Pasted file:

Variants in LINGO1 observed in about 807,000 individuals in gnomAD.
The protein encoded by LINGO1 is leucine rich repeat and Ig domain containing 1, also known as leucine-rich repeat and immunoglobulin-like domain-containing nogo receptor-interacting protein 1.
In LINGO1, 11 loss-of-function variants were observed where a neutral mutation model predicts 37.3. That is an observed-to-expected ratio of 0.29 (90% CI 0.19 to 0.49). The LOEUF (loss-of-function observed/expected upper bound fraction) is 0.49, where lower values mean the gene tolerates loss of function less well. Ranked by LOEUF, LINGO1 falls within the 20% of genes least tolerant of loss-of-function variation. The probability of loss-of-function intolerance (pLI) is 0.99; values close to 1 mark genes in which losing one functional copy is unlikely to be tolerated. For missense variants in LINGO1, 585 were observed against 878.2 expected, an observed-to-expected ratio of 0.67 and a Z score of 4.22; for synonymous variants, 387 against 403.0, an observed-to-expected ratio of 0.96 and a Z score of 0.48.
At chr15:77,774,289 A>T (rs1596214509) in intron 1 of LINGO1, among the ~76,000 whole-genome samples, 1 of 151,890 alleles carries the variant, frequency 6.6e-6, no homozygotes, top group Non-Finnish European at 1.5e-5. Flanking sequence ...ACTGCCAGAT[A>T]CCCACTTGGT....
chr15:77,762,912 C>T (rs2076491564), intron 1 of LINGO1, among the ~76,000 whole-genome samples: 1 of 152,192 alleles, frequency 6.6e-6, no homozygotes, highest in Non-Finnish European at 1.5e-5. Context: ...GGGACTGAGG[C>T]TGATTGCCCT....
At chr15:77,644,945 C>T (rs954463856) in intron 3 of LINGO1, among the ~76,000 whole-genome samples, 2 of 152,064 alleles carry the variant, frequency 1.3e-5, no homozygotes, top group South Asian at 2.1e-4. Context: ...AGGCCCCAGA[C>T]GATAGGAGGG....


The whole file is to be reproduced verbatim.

Variants in LINGO1 observed in about 807,000 individuals in gnomAD.
The protein encoded by LINGO1 is leucine rich repeat and Ig domain containing 1, also known as leucine-rich repeat and immunoglobulin-like domain-containing nogo receptor-interacting protein 1.
In LINGO1, 11 loss-of-function variants were observed where a neutral mutation model predicts 37.3. That is an observed-to-expected ratio of 0.29 (90% CI 0.19 to 0.49). The LOEUF (loss-of-function observed/expected upper bound fraction) is 0.49, where lower values mean the gene tolerates loss of function less well. Ranked by LOEUF, LINGO1 falls within the 20% of genes least tolerant of loss-of-function variation. The probability of loss-of-function intolerance (pLI) is 0.99; values close to 1 mark genes in which losing one functional copy is unlikely to be tolerated. For missense variants in LINGO1, 585 were observed against 878.2 expected, an observed-to-expected ratio of 0.67 and a Z score of 4.22; for synonymous variants, 387 against 403.0, an observed-to-expected ratio of 0.96 and a Z score of 0.48.
At chr15:77,774,289 A>T (rs1596214509) in intron 1 of LINGO1, among the ~76,000 whole-genome samples, 1 of 151,890 alleles carries the variant, frequency 6.6e-6, no homozygotes, top group Non-Finnish European at 1.5e-5. Flanking sequence ...ACTGCCAGAT[A>T]CCCACTTGGT....
chr15:77,762,912 C>T (rs2076491564), intron 1 of LINGO1, among the ~76,000 whole-genome samples: 1 of 152,192 alleles, frequency 6.6e-6, no homozygotes, highest in Non-Finnish European at 1.5e-5. Context: ...GGGACTGAGG[C>T]TGATTGCCCT....
At chr15:77,644,945 C>T (rs954463856) in intron 3 of LINGO1, among the ~76,000 whole-genome samples, 2 of 152,064 alleles carry the variant, frequency 1.3e-5, no homozygotes, top group South Asian at 2.1e-4. Context: ...AGGCCCCAGA[C>T]GATAGGAGGG....